Tom Ross: Dumpster poaching is not a victimless crime in Steamboat Springs

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— I was checking the progress of the drumsticks on the propane grill Monday evening when I heard a hollow metallic bang. I immediately knew what it meant: another case of dumpster poaching in Steamboat.

Somebody was illegally unloading a large piece of trash in a big construction dumpster they were not entitled to. And it was going to cost someone money.

Because dumpster poaching is not a victimless crime.

Tom Ross

Tom Ross' column appears in Steamboat Today. Contact him at 970-871-4205 or tross@SteamboatToday.com.

Find more columns by Tom here.

When it’s springtime in the Rockies, people are coming and going from rental housing, and an empty dumpster is a temptation to those who don’t want to bear the extra expense and inconvenience of taking unwanted items to the landfill.

On Monday, I craned my neck around the corner of the building just in time to see a diesel pickup I did not recognize pulling away from the big rollaway construction dumpster. I’ve reached the conclusion that there are people in Steamboat who keep an eye out for new buildings in the process of being framed and mark them as easy poaching. Show up at dusk, act like it’s nobody’s business and be on your way. Problem solved.

But there is a problem. A big construction dumpster costs hundreds of dollars. So, filling someone else’s dumpster is a crime — specifically, a municipal misdemeanor that can result in a summons to appear in municipal court, Steamboat Springs Police Department Sgt. Scott Middleton confirmed this week.

“It certainly happens,” Middleton said. “Last week, I took a call on Medicine Springs (Drive). We get a couple of calls a week at least. It is against the municipal code. If the reporting party wants to press charges, we charge (the offender) with illegal dumping.”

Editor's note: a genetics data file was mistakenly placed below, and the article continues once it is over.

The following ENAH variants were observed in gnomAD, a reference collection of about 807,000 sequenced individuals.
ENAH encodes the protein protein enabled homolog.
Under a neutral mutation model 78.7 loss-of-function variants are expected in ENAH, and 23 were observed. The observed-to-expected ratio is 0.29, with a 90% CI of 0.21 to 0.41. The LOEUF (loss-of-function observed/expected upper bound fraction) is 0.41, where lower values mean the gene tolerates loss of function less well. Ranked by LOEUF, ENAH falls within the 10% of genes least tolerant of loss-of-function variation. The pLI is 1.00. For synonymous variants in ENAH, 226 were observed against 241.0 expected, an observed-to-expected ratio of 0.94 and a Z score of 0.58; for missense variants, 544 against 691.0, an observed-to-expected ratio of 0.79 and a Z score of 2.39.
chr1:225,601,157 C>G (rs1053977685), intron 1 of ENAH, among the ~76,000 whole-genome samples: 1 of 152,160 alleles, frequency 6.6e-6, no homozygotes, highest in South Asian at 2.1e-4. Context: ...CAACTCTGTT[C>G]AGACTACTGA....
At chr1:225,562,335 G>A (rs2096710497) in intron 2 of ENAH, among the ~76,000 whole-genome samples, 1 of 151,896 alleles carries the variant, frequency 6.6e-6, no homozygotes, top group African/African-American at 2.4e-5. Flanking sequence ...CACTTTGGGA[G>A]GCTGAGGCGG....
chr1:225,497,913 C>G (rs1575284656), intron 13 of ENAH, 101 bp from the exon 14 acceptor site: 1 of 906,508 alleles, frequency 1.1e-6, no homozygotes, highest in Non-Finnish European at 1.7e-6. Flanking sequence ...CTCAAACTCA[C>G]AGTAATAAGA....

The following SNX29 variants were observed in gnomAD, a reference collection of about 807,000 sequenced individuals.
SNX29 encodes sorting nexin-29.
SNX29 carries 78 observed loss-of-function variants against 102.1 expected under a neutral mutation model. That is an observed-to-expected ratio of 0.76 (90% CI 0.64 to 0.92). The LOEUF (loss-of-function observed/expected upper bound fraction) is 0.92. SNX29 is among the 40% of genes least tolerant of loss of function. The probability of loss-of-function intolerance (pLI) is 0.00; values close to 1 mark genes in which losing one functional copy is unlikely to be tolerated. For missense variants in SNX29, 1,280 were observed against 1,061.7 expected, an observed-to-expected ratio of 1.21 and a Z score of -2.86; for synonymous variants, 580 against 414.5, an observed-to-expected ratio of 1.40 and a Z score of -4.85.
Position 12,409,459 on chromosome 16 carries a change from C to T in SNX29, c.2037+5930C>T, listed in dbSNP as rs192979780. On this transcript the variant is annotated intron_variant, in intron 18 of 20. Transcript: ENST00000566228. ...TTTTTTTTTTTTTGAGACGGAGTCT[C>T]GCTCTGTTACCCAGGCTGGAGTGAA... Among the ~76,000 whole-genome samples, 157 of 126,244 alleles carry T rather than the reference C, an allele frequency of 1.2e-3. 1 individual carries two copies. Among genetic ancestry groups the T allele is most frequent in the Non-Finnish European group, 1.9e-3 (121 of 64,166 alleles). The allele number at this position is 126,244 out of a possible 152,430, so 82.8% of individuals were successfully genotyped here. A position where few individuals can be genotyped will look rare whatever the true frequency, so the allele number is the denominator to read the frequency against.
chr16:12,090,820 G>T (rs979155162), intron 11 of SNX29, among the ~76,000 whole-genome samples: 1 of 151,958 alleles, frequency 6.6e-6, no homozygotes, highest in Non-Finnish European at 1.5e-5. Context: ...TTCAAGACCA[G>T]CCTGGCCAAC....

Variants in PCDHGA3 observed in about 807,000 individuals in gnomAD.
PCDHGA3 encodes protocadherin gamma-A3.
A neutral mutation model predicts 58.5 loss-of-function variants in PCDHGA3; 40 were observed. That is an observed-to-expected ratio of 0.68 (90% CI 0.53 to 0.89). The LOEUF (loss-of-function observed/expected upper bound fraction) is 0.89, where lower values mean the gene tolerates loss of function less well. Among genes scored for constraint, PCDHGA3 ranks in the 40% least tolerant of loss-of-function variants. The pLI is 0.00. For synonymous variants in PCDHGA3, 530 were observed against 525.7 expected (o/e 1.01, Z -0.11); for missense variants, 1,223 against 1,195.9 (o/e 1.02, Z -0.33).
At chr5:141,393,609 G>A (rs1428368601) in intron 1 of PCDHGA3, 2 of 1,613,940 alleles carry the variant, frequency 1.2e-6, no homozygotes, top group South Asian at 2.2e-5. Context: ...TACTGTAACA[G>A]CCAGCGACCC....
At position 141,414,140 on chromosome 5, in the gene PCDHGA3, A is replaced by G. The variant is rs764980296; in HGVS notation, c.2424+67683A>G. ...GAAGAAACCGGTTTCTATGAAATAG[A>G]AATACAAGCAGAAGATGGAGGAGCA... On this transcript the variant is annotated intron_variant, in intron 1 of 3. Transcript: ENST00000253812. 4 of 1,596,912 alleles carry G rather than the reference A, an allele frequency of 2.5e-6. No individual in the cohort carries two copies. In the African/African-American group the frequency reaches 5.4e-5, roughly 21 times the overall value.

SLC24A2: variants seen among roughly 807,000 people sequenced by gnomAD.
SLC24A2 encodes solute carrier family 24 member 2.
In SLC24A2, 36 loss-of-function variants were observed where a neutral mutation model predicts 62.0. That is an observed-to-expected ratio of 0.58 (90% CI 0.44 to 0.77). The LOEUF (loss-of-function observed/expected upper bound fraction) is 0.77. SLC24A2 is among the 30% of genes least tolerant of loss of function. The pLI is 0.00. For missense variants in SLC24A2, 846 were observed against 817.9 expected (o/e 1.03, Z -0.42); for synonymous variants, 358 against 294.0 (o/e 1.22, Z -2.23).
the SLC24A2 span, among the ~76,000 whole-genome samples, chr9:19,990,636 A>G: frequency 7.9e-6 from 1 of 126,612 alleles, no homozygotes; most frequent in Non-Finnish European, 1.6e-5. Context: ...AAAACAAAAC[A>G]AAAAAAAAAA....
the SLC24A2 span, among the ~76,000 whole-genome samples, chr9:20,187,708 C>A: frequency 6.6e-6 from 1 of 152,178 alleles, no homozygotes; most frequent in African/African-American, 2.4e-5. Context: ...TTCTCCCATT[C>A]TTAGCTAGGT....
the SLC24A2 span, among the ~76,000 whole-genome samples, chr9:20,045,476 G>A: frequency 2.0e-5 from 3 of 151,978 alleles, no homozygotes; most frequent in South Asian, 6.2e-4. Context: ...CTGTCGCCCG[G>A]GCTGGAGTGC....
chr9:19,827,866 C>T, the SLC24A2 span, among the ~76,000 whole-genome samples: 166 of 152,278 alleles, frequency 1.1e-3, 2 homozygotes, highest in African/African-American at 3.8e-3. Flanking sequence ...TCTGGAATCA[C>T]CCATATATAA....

I should come clean right now and confess: I am certain that at times in the past, I have flipped a used paper coffee cup or balled up sandwich wrapper into someone else’s dumpster. I plead guilty.

But there’s a difference between a Snickers wrapper and a dilapidated washer and dryer set.

As the truck accelerated away from the construction dumpster in my neighborhood this week, I grabbed my camera and dashed down the stairs and out the front door to see the pickup heading for the highway. I jotted down a license plate number but couldn’t be certain I read it correctly, so I chucked it and strolled over to the big blue rollaway dumpster to find out what Santa Claus had brought this time.

What I saw when I peered over the rim of the dumpster was a busted up futon with striped upholstery. It wasn’t just illegal, it was in bad taste.

Police Capt. Jerry Stabile said a number of people in Steamboat are locking their dumpsters these days.

Donna Mae Hoots knows how that goes. She is the property manager for the Pines Condominiums, where a couple of the three dumpsters in the complex are right next to Pine Grove Road.

“It’s constant at the Pines. It’s ridiculous,” Hoots said. “Especially if they’re recycling, they think they’re doing good for the environment. But if we have so many people illegally dumping, our residents have to pay for it.”

Hoots has seen the Pines go through two sets of dumpster locks, and though she can’t swear they were deliberately destroyed, a resident reported seeing a cut cable on one of the locks. That’s a determined poacher.

Steamboat Municipal Judge Paul Sachs said there is no specific schedule of fines for illegally placing discarded items in another party’s dumpster. But as a littering offense, it would come under the general category, allowing him to impose a fine of as much as $999 per offense. But Sachs doesn’t remember the last time he fined someone for dumpster poaching.

“I can’t recall a citation for a very, very long time,” Sachs said.

Has anyone considered security cameras on dumpsters?

I want my dumpster cam.

To reach Tom Ross, call 970-871-4205, email tross@SteamboatToday.com or follow him on Twitter @ThomasSRoss1

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